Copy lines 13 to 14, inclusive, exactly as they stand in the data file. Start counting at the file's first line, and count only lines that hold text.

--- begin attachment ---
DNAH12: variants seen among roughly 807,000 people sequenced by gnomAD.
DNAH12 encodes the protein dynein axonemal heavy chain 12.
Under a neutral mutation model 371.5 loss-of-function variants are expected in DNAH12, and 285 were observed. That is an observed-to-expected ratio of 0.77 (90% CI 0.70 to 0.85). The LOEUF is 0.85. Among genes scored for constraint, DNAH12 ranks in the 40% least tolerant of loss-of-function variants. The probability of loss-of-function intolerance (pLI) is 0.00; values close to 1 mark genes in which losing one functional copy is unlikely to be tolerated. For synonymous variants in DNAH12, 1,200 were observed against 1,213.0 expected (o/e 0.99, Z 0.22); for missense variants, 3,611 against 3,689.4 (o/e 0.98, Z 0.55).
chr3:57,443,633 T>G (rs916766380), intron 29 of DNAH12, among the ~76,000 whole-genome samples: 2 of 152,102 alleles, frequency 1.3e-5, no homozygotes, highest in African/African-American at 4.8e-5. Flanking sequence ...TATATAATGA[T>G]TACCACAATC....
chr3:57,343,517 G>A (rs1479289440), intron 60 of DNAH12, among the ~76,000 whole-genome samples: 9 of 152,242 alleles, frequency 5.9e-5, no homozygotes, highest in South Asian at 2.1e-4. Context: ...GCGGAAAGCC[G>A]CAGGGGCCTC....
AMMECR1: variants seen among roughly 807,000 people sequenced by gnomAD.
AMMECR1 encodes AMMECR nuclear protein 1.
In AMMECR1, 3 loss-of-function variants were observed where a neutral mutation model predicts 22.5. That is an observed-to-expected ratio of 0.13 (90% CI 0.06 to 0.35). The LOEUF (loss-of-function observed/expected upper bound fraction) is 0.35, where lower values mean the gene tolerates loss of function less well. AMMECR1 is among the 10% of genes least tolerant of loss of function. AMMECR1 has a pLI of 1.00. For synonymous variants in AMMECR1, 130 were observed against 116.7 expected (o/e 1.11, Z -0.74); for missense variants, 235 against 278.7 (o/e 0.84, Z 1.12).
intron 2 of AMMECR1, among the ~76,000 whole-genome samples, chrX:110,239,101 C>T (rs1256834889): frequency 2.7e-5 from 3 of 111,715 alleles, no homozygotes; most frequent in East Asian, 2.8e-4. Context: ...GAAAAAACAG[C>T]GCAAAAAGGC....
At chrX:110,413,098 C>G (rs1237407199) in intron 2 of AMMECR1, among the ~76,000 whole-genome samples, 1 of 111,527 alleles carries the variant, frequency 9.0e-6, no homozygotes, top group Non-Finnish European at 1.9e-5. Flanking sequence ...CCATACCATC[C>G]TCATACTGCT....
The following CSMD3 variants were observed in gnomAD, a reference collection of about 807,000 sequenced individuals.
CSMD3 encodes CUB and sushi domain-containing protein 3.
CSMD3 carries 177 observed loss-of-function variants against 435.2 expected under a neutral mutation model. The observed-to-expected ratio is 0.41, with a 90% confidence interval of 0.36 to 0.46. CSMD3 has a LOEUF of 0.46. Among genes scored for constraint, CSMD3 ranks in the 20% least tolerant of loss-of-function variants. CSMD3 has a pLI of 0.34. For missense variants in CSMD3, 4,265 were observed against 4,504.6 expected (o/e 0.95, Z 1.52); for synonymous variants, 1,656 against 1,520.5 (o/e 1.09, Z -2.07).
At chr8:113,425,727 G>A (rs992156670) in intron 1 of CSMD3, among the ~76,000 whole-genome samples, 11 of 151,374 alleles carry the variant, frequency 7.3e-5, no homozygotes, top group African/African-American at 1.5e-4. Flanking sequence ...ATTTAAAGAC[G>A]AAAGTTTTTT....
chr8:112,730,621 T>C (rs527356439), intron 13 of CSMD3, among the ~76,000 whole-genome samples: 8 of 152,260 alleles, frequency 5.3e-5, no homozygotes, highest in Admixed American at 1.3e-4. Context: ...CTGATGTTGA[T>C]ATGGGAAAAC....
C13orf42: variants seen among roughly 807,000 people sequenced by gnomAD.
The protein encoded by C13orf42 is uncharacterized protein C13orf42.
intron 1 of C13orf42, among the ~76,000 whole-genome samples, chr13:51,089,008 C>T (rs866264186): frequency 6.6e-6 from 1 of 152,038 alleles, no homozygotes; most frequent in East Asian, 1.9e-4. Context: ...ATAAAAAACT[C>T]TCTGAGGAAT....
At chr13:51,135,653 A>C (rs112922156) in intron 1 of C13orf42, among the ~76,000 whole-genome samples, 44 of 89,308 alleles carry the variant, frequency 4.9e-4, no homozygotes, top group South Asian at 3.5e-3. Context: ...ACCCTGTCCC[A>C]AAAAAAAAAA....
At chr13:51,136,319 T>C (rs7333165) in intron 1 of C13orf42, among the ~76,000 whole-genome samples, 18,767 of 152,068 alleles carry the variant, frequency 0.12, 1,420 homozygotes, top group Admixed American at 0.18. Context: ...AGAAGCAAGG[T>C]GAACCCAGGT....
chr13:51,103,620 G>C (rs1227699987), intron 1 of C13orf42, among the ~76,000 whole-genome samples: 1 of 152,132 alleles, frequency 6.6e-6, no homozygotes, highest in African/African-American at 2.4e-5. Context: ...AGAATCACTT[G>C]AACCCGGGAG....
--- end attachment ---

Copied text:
CSMD3 carries 177 observed loss-of-function variants against 435.2 expected under a neutral mutation model. The observed-to-expected ratio is 0.41, with a 90% confidence interval of 0.36 to 0.46. CSMD3 has a LOEUF of 0.46. Among genes scored for constraint, CSMD3 ranks in the 20% least tolerant of loss-of-function variants. CSMD3 has a pLI of 0.34. For missense variants in CSMD3, 4,265 were observed against 4,504.6 expected (o/e 0.95, Z 1.52); for synonymous variants, 1,656 against 1,520.5 (o/e 1.09, Z -2.07).
At chr8:113,425,727 G>A (rs992156670) in intron 1 of CSMD3, among the ~76,000 whole-genome samples, 11 of 151,374 alleles carry the variant, frequency 7.3e-5, no homozygotes, top group African/African-American at 1.5e-4. Flanking sequence ...ATTTAAAGAC[G>A]AAAGTTTTTT....